गतास्ते मञ्चत्वं द्रुहिण हरि रुद्रेश्वर भृतः
शिवः स्वच्छ-च्छाया-घटित-कपट-प्रच्छदपटः ।
त्वदीयानां भासां प्रतिफलन रागारुणतया
शरीरी शृङ्गारो रस इव दृशां दोग्धि कुतुकम्
gatas te mancatvam druhina hari rudresvara bhrtah
shiva svacchac chayaghatita kapata pracchada patah
tvadiyanam bhasam pratiphalana ragarunataya
sariri srngaoa rasa iva drsam dogdhi kutukam
Gone as they are to Your couch-hood, Brahma, Vishnu, Ishvara, Rudra and others
Shiva wearing a deceptive canopy derived from his crystal light;
By Your radiance projected on to it and turned to a magenta shade,
As the very embodiment of erotic bliss, he charms the view.
In Verse 92 the reference to the beauty of the legs is finally abandoned in favour of the legs of a couch on which the Goddess is sitting. We had in Verse 8, almost symmetrically situated with the present one, a reference to the actual picture of a Goddess seated on a couch which represented a metamorphosis of the person of Shiva himself. In the context of Hermetic Philosophy this is known as the principle of correspondence, represented, for example, by the tarot card of the man hanging head downward. There is a subtle inversion here, which Bergson would call “a back-to-back relation”, or a correlation between the world of concepts and the world of percepts. Bergson even goes to so far as to say that “we happen to accidents” and not the other way around, as we might think. This philosophical perspective and the epistemology and methodology proper to it, is quite in keeping with Vedanta and the structure of the Absolute known to it. We cannot enter into the discussion of such a view-point here.
Shiva, as a crystal-clear value placed at the Omega Point in the vertical axis, can lend his own ontological reality to natural objects such as the couch, which is here referred to in the first line as being made up of his sub-functionaries within the Absolute, who are divinities placed at a lower level than Shiva himself. When reflected on the side of percepts, they could, in principle, lend support to the ontological stability or firmness of the couch on which the Goddess, occupying the neutral point between the two extremes, is to be located or seated. The Shiva principle is not expended by the secondary functions that he sanctions from his own higher position. His crystal-clear pure principle, of a conceptual order, can take the deceptive form of a canopy which could have at first, before he descends too low toward the couch, a clearer complexion or colour, participating more closely with the numerator than with the central magenta of the mid-region occupied by the Goddess. Such a clear canopy, however, as it descends toward the centre from above, could have a borrowed magenta colour playing on it.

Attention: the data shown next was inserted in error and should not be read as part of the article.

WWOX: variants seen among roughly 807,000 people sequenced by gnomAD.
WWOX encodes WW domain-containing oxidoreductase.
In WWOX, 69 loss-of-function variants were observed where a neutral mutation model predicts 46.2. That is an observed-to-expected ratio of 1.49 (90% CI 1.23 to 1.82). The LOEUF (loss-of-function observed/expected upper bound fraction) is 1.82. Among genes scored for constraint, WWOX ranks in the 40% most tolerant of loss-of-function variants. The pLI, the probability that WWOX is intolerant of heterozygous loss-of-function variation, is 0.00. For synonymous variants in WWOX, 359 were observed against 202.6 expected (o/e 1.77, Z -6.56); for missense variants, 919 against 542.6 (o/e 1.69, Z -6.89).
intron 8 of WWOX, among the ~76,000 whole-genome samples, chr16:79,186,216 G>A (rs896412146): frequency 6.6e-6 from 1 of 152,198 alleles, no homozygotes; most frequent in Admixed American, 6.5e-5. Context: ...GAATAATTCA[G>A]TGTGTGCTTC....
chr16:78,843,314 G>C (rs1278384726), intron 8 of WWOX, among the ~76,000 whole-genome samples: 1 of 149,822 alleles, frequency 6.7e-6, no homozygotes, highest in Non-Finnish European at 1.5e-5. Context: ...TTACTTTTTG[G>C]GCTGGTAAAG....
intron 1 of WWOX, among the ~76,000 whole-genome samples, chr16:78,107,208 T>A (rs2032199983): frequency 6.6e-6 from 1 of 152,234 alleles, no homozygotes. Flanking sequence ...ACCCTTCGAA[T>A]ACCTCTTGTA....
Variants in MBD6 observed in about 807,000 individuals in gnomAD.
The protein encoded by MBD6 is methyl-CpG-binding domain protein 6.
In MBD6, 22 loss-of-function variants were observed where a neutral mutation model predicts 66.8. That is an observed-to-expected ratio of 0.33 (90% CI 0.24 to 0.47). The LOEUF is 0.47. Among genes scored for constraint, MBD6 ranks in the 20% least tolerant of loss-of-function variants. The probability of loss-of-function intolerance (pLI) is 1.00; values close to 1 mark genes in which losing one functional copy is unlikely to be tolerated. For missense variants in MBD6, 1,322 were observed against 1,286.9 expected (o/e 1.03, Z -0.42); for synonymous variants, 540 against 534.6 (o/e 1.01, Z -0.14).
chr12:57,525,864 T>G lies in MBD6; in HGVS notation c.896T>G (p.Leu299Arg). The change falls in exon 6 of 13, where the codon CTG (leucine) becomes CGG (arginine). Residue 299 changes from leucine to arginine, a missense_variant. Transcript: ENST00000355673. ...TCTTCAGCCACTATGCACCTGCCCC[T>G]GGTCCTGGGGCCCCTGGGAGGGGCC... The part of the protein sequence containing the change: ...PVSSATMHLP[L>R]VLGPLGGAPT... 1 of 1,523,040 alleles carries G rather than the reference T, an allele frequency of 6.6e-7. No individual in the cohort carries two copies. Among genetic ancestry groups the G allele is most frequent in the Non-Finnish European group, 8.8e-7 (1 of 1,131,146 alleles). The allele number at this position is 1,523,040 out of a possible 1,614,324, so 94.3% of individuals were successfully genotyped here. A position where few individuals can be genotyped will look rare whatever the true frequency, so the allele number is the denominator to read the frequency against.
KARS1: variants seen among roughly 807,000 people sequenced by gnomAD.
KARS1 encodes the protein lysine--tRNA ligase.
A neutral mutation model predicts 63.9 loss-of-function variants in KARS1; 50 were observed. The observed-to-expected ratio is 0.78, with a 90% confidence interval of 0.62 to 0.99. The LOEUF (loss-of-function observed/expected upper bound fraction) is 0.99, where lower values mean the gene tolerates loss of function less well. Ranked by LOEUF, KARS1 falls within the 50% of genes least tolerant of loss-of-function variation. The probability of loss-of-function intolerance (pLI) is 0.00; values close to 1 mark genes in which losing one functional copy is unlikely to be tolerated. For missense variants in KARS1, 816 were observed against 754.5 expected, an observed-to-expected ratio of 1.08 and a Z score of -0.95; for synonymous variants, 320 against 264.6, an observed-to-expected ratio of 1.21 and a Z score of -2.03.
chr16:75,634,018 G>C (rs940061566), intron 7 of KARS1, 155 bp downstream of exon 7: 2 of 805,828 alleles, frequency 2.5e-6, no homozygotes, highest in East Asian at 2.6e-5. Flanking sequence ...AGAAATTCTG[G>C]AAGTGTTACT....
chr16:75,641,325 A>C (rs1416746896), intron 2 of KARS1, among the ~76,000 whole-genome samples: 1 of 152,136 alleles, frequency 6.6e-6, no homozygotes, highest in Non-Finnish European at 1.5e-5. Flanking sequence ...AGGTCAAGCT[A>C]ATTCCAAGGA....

Thus the canopy would, by its revised and more ontological conditioning with reference to the central magenta glory that the Goddess always represents, appear to be magenta, while really being crystal-clear in colour. The Real can be conditioned by the False, and vice-versa. The resultant indeterminism or ambiguity belongs to Maya. Eroticism is proper to the negative side, but the positive side can also appear to be conditioned by the same quality. This is another example of anyonya adhyasa (mutual participation), of which we have had more delicate instances, as in the description of the lips and the teeth in Verse 62, and in other verses. Eroticism, as the last line makes clear, is meant here only to charm the view, and add to the beauty-value of the situation represented here.





Gatah te mancha tvam - gone as they are to Your couch-hood
Druhina hari rudreshvara bhrtah - Brahma, Vishnu and Shiva, Your functionaries
Shivah - Shiva the supreme
Svacchac chaya ghatita kapata pracchada patah - wearing a canopy derived from crystal light
"Gone as they are to your couch-hood..."

What is the justification for inverting the gods?
There is a principle of inversion in the Absolute, like the hanged man in the Tarot pack.

Shiva can kill Eros, but he is also the embodiment of erotic bliss.

(This is a great paradox. The Guru would say again and again that there was a paradox at the core of the Absolute. This must be understood if one wishes to understand the Saundarya Lahari and Vedanta. ED)